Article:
Wednesday, March 26, 2014

Classic Music: Ramatam!

Ramatam had the potential to be something huge. It was a mini super group created by Atlantic Records that hoped to sell records based on the members’ past successes.

First off, we have Mike Pinera on lead vocals and guitar. Mike was formerly a member of The Blues Image and Iron Butterfly (and would go on to be Alice Cooper’s guitarist from 1980 to 1983).

The Jimi Hendrix Experience was one of the greatest rock ‘n’roll bands in the world, especially up to this point in the early 70’s. Ramatam had Experience drummer Mitch Mitchell on the skins, which (as in every band he has performed with) forms the glue that held everything together. He is one of my all-time favorite drummers.

While lead guitarist April Lawton didn't have as an impressive of a resume like the former, Atlantic was hoping having the rarity of a female guitarist could also help sell some records. She was awesome, pulling off riffs that would make Hendrix himself proud. While she plays a bit conservatively at times, it seems to be a conscious choice. She will fade away in the background leaving way for the horns to do their thing, but when it’s time for her to solo, watch out, all eyes are on her.  

Finishing up the group was Russ Smith on bass and Tommy Sullivan on keyboards, reeds and vocal.

Reading past reviews, people were initially disappointed with this album, complaining that the horns were muddy in the mix and the song writing was only mediocre. While the production has room to be improved, it’s not an overly bad sounding LP. Once you learn that the producer was Tom Dowd, whom at this point was responsible for production and/or engineering of some of the greatest sounding albums including: Derek and the Dominos’ Layla, John Coltrane’s Giant Steps, Allman Brothers’ At Fillmore East, as well as albums by Ray Charles, Charles Mingus, The Drifters, etc..., you realize why people had high expectations and he didn't quite meet them. It’s a good sounding album, just not Tom Dowd good.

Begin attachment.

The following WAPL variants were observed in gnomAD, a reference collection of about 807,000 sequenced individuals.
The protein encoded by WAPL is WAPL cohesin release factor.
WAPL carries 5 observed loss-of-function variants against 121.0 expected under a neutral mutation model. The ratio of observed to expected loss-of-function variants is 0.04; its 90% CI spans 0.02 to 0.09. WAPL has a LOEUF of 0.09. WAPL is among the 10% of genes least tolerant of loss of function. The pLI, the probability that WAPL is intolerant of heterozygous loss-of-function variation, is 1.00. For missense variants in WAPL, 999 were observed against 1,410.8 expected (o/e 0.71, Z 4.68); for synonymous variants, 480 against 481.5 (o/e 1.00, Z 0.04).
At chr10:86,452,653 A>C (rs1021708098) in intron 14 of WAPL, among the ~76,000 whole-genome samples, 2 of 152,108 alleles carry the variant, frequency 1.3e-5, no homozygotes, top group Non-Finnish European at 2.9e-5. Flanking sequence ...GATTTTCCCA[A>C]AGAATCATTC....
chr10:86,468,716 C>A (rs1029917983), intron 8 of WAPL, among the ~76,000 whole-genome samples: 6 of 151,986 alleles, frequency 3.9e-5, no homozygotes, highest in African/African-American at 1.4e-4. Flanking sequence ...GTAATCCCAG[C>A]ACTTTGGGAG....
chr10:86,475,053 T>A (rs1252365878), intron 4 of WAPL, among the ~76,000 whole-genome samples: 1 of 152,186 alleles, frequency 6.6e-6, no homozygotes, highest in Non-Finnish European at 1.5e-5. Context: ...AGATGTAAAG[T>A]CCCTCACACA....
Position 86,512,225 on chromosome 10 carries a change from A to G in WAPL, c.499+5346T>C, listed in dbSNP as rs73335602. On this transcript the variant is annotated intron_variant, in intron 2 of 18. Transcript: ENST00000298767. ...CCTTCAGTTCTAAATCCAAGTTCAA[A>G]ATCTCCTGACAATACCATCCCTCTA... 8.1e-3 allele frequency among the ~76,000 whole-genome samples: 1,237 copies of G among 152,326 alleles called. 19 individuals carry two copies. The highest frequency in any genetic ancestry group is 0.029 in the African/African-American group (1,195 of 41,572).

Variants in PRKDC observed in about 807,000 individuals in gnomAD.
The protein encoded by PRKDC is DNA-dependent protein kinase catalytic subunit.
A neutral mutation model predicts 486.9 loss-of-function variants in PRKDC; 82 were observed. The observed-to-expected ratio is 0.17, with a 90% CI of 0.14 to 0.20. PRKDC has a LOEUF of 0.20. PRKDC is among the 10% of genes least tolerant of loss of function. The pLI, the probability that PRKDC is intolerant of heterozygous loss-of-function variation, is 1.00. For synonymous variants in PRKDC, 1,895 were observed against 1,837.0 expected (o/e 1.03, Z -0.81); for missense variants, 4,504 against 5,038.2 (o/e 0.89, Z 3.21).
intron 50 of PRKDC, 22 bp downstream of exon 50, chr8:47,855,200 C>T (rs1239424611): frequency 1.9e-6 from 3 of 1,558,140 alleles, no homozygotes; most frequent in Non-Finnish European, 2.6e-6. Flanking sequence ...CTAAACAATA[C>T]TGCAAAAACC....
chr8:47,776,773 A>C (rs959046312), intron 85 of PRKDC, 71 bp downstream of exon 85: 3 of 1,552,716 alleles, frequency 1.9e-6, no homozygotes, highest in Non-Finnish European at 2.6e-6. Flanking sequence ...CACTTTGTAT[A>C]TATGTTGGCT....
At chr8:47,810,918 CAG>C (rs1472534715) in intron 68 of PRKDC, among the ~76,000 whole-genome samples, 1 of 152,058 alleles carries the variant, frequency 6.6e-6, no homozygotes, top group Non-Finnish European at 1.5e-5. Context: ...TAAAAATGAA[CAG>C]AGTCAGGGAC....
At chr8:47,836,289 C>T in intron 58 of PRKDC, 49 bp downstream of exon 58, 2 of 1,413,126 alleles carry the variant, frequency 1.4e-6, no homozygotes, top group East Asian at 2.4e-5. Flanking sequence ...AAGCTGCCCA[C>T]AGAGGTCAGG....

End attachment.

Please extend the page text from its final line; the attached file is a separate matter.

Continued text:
It may have been slammed a bit upon initial release, but this album sure has aged well. It’s an enjoyable listen through; I prefer side B a bit more with the slower song Changing Days leading it off. While Changing Days lacks Mitch Mitchell on the drums, he comes back full tilt on the second progressive mid tempo song Strange Place (my favorite song from the album). This album is definitely worth picking up. They got me curious of the sound of their second and last LP, In April Came the Dawning of the Red Suns, but at this point Mitch and Mike had left so I’m sure it’s a complete different sound. But still, April’s guitar playing alone is enough for me to give it a shot.

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